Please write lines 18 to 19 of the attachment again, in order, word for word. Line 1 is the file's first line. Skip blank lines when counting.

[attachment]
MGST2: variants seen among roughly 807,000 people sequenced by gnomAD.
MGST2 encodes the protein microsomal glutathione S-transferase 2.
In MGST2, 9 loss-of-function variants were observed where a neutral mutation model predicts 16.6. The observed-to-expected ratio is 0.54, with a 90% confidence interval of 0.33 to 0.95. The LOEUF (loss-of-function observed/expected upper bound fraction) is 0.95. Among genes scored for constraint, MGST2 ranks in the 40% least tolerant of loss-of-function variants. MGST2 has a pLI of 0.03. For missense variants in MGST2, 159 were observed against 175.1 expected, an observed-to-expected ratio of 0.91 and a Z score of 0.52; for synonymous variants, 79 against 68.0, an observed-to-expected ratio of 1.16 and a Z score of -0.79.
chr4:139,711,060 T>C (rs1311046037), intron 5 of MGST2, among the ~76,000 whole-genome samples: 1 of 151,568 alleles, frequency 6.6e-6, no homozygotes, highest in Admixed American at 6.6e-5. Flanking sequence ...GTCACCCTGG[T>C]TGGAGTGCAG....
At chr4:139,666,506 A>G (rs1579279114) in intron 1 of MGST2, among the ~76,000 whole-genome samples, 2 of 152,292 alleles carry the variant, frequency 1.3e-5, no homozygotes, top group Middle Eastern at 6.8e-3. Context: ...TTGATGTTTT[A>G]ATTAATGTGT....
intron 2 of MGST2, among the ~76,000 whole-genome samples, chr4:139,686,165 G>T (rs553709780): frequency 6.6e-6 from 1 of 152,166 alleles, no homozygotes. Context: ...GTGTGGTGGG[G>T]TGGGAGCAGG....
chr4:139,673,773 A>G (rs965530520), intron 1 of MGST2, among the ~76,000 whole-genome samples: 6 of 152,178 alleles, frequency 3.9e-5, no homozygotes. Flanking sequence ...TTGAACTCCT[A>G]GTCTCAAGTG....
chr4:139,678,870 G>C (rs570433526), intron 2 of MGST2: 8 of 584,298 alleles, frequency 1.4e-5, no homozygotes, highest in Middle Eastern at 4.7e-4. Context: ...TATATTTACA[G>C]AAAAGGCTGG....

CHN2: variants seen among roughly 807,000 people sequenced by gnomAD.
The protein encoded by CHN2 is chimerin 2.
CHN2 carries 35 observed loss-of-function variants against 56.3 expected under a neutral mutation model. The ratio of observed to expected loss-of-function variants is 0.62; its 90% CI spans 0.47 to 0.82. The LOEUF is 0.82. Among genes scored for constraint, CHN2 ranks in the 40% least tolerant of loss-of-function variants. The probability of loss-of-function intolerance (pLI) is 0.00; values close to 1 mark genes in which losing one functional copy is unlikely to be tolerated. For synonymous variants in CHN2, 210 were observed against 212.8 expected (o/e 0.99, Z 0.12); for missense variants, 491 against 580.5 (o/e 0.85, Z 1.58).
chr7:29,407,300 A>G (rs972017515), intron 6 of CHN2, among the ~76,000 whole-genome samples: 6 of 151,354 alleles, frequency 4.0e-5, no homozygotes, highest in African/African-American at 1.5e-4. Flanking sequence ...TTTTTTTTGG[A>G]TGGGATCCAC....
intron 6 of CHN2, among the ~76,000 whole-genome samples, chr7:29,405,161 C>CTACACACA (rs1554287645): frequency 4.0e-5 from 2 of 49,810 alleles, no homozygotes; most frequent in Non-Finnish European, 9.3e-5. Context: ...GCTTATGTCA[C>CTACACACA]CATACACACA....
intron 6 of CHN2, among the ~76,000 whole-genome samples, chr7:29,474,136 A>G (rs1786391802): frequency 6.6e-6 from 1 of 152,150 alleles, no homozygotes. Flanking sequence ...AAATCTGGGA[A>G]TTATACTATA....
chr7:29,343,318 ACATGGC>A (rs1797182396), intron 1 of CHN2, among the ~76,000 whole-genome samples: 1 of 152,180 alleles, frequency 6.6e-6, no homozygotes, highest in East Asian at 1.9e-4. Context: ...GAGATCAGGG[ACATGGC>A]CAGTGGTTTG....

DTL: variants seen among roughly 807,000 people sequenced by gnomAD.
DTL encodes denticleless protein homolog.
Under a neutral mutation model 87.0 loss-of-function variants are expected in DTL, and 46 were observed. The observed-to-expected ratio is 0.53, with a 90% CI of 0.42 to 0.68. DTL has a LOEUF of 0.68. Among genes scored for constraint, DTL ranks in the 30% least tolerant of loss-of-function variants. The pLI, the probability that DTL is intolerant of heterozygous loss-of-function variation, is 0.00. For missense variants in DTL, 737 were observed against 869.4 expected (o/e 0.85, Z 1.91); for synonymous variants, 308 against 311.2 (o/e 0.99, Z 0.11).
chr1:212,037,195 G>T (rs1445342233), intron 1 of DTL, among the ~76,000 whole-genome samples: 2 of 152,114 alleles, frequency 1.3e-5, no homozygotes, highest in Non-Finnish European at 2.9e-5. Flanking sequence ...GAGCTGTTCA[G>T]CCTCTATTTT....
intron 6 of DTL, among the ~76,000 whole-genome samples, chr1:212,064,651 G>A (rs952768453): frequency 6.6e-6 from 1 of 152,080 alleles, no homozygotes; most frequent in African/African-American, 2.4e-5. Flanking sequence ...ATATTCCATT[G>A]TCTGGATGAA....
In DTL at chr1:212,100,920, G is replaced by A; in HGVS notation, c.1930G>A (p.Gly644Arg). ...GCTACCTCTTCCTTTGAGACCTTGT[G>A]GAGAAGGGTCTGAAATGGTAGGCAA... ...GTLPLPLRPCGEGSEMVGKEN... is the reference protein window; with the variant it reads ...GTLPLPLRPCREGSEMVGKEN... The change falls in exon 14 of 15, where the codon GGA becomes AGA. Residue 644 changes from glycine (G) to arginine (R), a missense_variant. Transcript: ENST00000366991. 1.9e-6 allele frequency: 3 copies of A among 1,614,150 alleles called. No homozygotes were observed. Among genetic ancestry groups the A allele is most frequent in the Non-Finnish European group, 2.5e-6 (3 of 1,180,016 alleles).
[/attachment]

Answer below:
Under a neutral mutation model 87.0 loss-of-function variants are expected in DTL, and 46 were observed. The observed-to-expected ratio is 0.53, with a 90% CI of 0.42 to 0.68. DTL has a LOEUF of 0.68. Among genes scored for constraint, DTL ranks in the 30% least tolerant of loss-of-function variants. The pLI, the probability that DTL is intolerant of heterozygous loss-of-function variation, is 0.00. For missense variants in DTL, 737 were observed against 869.4 expected (o/e 0.85, Z 1.91); for synonymous variants, 308 against 311.2 (o/e 0.99, Z 0.11).
chr1:212,037,195 G>T (rs1445342233), intron 1 of DTL, among the ~76,000 whole-genome samples: 2 of 152,114 alleles, frequency 1.3e-5, no homozygotes, highest in Non-Finnish European at 2.9e-5. Flanking sequence ...GAGCTGTTCA[G>T]CCTCTATTTT....